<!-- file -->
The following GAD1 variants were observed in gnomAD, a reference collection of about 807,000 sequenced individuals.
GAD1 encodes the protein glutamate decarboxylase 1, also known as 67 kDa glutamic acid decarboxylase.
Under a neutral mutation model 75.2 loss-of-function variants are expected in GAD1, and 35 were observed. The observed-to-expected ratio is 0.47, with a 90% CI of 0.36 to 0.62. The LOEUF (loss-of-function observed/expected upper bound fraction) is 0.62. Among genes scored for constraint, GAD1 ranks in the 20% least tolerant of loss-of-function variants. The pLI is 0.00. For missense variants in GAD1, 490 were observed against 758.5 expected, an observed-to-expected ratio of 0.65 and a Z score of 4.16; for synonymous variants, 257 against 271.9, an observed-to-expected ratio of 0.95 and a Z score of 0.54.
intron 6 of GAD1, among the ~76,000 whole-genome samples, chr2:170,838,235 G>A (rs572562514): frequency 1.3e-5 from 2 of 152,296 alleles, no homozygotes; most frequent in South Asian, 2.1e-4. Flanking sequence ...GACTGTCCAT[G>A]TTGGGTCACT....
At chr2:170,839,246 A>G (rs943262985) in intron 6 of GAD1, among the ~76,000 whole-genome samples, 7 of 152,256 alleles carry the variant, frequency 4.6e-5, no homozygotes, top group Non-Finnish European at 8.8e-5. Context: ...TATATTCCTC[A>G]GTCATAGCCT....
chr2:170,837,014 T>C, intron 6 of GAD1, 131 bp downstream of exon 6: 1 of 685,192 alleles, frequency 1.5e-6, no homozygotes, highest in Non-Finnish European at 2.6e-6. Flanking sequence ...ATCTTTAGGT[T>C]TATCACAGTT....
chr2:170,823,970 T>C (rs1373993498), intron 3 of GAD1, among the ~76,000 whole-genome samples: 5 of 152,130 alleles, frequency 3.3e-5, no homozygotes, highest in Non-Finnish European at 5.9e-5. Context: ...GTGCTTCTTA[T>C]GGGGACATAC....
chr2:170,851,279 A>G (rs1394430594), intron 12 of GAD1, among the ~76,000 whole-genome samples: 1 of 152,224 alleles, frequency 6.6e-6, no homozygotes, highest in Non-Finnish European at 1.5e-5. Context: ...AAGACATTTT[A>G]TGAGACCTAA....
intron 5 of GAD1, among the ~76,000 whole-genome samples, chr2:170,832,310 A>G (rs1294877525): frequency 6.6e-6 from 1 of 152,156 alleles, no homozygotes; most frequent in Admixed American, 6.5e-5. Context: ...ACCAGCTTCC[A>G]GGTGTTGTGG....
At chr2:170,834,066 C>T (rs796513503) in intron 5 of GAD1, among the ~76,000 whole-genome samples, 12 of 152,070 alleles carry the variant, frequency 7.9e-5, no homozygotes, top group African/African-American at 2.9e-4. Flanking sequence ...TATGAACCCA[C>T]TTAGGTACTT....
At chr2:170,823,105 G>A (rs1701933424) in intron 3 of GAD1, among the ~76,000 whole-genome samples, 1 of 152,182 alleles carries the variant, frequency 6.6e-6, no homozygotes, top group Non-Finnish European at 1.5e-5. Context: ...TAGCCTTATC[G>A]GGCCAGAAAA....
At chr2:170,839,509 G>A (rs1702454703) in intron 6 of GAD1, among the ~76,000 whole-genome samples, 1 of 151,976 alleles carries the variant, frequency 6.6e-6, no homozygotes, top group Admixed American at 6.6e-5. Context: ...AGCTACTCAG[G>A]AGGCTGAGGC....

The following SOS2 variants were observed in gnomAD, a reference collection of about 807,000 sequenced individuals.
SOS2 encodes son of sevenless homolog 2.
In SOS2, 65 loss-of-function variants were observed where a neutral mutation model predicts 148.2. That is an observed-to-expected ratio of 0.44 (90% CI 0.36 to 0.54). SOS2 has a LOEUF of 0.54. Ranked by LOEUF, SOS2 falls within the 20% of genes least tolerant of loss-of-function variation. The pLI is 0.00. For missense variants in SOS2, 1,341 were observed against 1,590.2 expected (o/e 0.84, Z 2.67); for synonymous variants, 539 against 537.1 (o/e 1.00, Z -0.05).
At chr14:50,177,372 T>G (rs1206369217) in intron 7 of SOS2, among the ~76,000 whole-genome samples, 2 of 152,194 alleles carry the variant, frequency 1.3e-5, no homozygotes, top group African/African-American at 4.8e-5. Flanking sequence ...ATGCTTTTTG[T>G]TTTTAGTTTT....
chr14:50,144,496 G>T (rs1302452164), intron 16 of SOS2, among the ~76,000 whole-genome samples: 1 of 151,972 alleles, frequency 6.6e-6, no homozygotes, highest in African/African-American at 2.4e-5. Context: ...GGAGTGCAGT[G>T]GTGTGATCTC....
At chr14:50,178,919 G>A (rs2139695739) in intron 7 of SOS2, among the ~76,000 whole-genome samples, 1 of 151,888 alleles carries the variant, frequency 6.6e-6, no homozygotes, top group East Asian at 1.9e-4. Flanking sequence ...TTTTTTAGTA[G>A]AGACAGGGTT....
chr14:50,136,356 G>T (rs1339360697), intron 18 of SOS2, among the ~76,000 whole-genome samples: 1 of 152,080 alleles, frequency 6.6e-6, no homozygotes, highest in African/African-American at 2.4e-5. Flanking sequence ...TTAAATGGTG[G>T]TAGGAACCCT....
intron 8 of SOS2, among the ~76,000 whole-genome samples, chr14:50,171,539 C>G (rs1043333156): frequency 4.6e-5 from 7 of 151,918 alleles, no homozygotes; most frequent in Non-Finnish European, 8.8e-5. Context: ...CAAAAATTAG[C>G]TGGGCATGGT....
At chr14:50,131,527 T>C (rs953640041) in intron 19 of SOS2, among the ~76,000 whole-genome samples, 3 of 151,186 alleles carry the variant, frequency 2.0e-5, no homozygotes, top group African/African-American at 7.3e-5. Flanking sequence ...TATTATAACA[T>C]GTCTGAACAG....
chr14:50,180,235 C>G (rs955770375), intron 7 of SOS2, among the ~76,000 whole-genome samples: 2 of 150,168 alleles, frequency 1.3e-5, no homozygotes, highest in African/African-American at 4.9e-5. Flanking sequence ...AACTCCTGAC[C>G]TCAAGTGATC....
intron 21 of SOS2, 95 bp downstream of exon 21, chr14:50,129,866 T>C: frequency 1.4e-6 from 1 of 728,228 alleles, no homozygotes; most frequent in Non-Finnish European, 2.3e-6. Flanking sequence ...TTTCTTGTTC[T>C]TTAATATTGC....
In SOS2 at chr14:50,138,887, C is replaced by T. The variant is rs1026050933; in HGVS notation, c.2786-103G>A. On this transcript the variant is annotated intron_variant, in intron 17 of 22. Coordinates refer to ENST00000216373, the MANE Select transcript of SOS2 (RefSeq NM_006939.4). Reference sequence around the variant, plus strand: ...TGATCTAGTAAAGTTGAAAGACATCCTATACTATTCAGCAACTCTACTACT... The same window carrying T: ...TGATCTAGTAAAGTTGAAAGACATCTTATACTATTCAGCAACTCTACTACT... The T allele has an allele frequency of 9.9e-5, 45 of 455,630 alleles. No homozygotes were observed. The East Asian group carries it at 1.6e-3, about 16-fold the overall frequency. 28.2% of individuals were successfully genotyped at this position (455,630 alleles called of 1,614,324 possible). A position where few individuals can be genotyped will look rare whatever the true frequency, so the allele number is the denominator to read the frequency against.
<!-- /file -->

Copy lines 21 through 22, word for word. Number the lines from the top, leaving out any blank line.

At chr14:50,131,527 T>C (rs953640041) in intron 19 of SOS2, among the ~76,000 whole-genome samples, 3 of 151,186 alleles carry the variant, frequency 2.0e-5, no homozygotes, top group African/African-American at 7.3e-5. Flanking sequence ...TATTATAACA[T>C]GTCTGAACAG....
chr14:50,180,235 C>G (rs955770375), intron 7 of SOS2, among the ~76,000 whole-genome samples: 2 of 150,168 alleles, frequency 1.3e-5, no homozygotes, highest in African/African-American at 4.9e-5. Flanking sequence ...AACTCCTGAC[C>G]TCAAGTGATC....